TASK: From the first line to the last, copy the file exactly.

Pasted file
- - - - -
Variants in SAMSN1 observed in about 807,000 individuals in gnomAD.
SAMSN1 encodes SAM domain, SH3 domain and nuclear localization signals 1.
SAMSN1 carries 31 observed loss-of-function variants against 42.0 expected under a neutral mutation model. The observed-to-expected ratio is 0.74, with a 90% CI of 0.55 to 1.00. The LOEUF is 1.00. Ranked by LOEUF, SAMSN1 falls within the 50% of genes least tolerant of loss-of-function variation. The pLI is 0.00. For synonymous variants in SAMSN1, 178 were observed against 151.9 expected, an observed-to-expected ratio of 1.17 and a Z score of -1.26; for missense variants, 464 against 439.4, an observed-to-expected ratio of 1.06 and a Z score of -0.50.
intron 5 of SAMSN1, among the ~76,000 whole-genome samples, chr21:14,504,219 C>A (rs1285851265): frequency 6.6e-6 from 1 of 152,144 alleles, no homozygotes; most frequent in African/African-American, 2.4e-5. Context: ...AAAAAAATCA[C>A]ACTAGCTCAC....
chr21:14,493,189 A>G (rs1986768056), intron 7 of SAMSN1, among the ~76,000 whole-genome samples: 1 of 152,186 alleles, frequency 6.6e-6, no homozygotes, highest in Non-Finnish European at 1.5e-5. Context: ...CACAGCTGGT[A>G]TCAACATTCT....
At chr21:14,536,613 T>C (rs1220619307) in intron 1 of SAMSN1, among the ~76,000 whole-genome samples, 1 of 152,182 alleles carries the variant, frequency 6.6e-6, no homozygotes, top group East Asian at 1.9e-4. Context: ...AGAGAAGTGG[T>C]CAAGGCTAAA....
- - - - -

Variants in SAMSN1 observed in about 807,000 individuals in gnomAD.
SAMSN1 encodes SAM domain, SH3 domain and nuclear localization signals 1.
SAMSN1 carries 31 observed loss-of-function variants against 42.0 expected under a neutral mutation model. The observed-to-expected ratio is 0.74, with a 90% CI of 0.55 to 1.00. The LOEUF is 1.00. Ranked by LOEUF, SAMSN1 falls within the 50% of genes least tolerant of loss-of-function variation. The pLI is 0.00. For synonymous variants in SAMSN1, 178 were observed against 151.9 expected, an observed-to-expected ratio of 1.17 and a Z score of -1.26; for missense variants, 464 against 439.4, an observed-to-expected ratio of 1.06 and a Z score of -0.50.
intron 5 of SAMSN1, among the ~76,000 whole-genome samples, chr21:14,504,219 C>A (rs1285851265): frequency 6.6e-6 from 1 of 152,144 alleles, no homozygotes; most frequent in African/African-American, 2.4e-5. Context: ...AAAAAAATCA[C>A]ACTAGCTCAC....
chr21:14,493,189 A>G (rs1986768056), intron 7 of SAMSN1, among the ~76,000 whole-genome samples: 1 of 152,186 alleles, frequency 6.6e-6, no homozygotes, highest in Non-Finnish European at 1.5e-5. Context: ...CACAGCTGGT[A>G]TCAACATTCT....
At chr21:14,536,613 T>C (rs1220619307) in intron 1 of SAMSN1, among the ~76,000 whole-genome samples, 1 of 152,182 alleles carries the variant, frequency 6.6e-6, no homozygotes, top group East Asian at 1.9e-4. Context: ...AGAGAAGTGG[T>C]CAAGGCTAAA....